Jeff Wise provides what he calls “The Ten Secrets of Effective Liars” on the “Psychology Today” website. I have some problems with his list, among them that despite his protestations to the contrary, it sure reads more like a handy-dandy self-help list for the George Costanzas, Tommy Flanagans and Bill Clintons among us.
My main objection, though, is to his #3 on the list, #3 Tell the truth, misleadingly. He correctly points out that a statement that is technically true will often be the most effective way of misleading others, but writes, “Technically, it’s only a prevarication – about half a sin.” I don’t know or care about how it ranks on the sin scale, but he is describing deceit, and deceit is a lie, period, no question about it. Wise is passing on a misconception himself, one that allows the most effective and destructive liars among us deceive routinely and then rationalize that they “really weren’t lying.” Spreading this common, popular and useful—to liars—myth does more damage than any of the supposedly beneficial results of his list could make up for.
Among the sinister results of promoting deceit as only half a lie, and therefore twice as forgivable as a “real” lie, is that it gives deceit masters (like Clinton) an effective excuse when they are caught. “Oh! Oh, I’m sorry! When I said ‘I didn’t have sex with that woman,” you thought I meant that I didn’t use my superior power and influence to persuade my young female intern to give me a hummer! I should have been clearer!” Right. Thus the liar switches the real blame onto the listener who was originally deceived. If that listener likes the liar and was inclined to trust him (or her), the rationalization that it was all a big misunderstanding will often be enough to allow the party deceived to keep trusting the liar…and be set up to be deceived again.
Living in Washington, D.C., I am hyper-sensitive to deceit, which is used around the clock by the President, Congress, both parties and the media to confuse and mislead the public into believing things that are not true. I am also disgusted by it. Last week, for example, after both the Washington Post and The New York Times slammed the White House for coordinating with the former Obama-organized campaign group “Organizing for Action,” which promised access to Obama to $500,000 donors., Jay Carney told the press that…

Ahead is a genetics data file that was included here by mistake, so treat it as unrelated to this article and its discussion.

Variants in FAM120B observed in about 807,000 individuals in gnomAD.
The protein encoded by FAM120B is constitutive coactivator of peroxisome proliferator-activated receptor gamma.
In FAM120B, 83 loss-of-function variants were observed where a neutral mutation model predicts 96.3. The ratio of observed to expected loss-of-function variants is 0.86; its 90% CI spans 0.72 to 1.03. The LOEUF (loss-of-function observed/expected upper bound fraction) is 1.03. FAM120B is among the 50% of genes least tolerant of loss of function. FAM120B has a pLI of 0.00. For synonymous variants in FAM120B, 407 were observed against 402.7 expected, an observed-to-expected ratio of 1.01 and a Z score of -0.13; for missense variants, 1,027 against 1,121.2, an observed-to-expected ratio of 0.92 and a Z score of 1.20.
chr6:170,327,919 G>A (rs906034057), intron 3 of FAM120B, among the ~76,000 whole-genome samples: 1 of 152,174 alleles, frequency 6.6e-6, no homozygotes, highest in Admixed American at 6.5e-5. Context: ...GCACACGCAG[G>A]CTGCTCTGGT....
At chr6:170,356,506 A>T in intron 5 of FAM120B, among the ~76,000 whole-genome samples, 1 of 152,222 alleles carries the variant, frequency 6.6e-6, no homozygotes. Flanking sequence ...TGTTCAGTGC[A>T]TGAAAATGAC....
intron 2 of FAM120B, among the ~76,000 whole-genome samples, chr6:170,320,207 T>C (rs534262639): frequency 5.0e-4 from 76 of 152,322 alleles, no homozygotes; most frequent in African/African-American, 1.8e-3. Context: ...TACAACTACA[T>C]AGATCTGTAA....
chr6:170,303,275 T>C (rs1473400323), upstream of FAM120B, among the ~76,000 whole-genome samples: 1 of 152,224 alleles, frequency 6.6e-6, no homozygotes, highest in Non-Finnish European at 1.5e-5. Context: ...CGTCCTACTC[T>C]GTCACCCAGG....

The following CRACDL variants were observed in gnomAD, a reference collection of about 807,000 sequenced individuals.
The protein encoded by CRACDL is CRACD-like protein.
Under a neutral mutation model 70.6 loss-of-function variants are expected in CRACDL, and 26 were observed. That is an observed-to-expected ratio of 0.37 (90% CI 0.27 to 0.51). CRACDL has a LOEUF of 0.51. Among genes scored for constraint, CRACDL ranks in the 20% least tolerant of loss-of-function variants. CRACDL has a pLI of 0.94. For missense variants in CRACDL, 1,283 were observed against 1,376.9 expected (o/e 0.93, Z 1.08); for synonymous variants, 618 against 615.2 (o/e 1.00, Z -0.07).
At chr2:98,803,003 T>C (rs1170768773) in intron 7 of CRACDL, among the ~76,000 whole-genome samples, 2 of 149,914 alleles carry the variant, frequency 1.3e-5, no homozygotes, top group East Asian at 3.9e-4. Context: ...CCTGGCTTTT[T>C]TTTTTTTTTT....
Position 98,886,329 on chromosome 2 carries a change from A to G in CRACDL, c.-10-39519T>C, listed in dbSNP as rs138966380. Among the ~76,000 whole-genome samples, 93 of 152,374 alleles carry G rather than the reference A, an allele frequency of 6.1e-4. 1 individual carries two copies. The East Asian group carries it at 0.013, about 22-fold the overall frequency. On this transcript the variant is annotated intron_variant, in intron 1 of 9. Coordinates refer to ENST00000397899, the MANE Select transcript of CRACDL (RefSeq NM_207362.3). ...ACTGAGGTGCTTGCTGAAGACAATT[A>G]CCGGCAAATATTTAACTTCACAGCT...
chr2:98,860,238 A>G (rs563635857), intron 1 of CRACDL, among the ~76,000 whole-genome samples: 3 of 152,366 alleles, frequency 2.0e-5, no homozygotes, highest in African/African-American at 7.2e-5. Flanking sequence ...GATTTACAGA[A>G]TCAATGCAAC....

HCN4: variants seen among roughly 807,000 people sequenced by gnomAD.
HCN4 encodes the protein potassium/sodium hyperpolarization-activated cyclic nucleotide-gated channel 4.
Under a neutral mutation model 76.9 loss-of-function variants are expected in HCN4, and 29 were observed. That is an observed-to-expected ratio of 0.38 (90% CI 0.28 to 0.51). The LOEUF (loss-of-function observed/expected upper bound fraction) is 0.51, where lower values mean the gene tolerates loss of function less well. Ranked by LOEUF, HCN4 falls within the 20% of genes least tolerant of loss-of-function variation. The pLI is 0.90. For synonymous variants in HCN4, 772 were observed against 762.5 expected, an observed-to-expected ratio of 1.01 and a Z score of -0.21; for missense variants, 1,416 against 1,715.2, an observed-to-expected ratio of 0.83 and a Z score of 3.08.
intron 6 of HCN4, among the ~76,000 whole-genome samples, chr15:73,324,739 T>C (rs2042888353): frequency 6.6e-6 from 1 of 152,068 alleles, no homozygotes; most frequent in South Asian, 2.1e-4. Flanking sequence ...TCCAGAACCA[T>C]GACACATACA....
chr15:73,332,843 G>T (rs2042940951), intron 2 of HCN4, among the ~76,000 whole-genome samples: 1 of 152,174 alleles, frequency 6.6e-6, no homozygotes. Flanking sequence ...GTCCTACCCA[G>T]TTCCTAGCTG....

“Any notion that there is a set price for a meeting with the president of the United States is just wrong.”
Later, Carney insisted,
“But, again, any notion that there’s a price for meeting with the president is simply wrong.”
These amount to collective deceit, and I may add, Obama’s deceit, as anything his spokesperson says is. Carney intends them to deflect accusations that the White House has been and is selling access, which is exactly what OFA is doing, and to sound like outright denials, which they are not:
- Carney says that OFA isn’t selling access to Obama for the “set price” of $500,000. He never said they weren’t and hadn’t.
- He never said it wouldn’t in the future, either.
- He didn’t say that access to the President couldn’t be bought, he said there was no “set” price. Why did he say “set” if what was intended was, “we won’t allow donors to buy their time with the President, no matter what they pay”? He said set to answer a different question than was asked, and to deceive. If it turns out that bog donor X gets hours with Obama after giving a million bucks, and donor Y gets access after giving $300,000, Carney can claim that he didn’t lie. There was no “price” as he defined price, as a set amount. One can buy access with a big honking financial contribution, but there’s no “price.”
Swindlers and cheats as well as double-talking politicians bank on such manipulation, and harm innocent, trusting, naive people every day.
- “Of course I love you […in my own way].”
- “I’ll get your money [..but I won’t give it to you]”.
- “I want to marry you [but have no intention of doings so].”
- “I accept your job offer [until I hear that I have that other job that pays more].”
- “My client is innocent [technically, because he’s innocent under the law until he is convicted, but he sure did it].
- “The United States does not engage in torture […we just farm out prisoners to countries that do].”
- “You’ll be able to keep your health plan, if you like it [unless my new law forces your employer to eliminate it to save costs].
And my all-time favorite, “No, my dog doesn’t bite […but my dog is at home, while that dog you think is mine will rip your arm off.]
Wise is wrong. These are all lies. Not half-lies, but lies, perhaps worse than other varieties, because they use the human tendency to trust against us, and in so doing destroy trust by increments.
You can read Wise’s article here.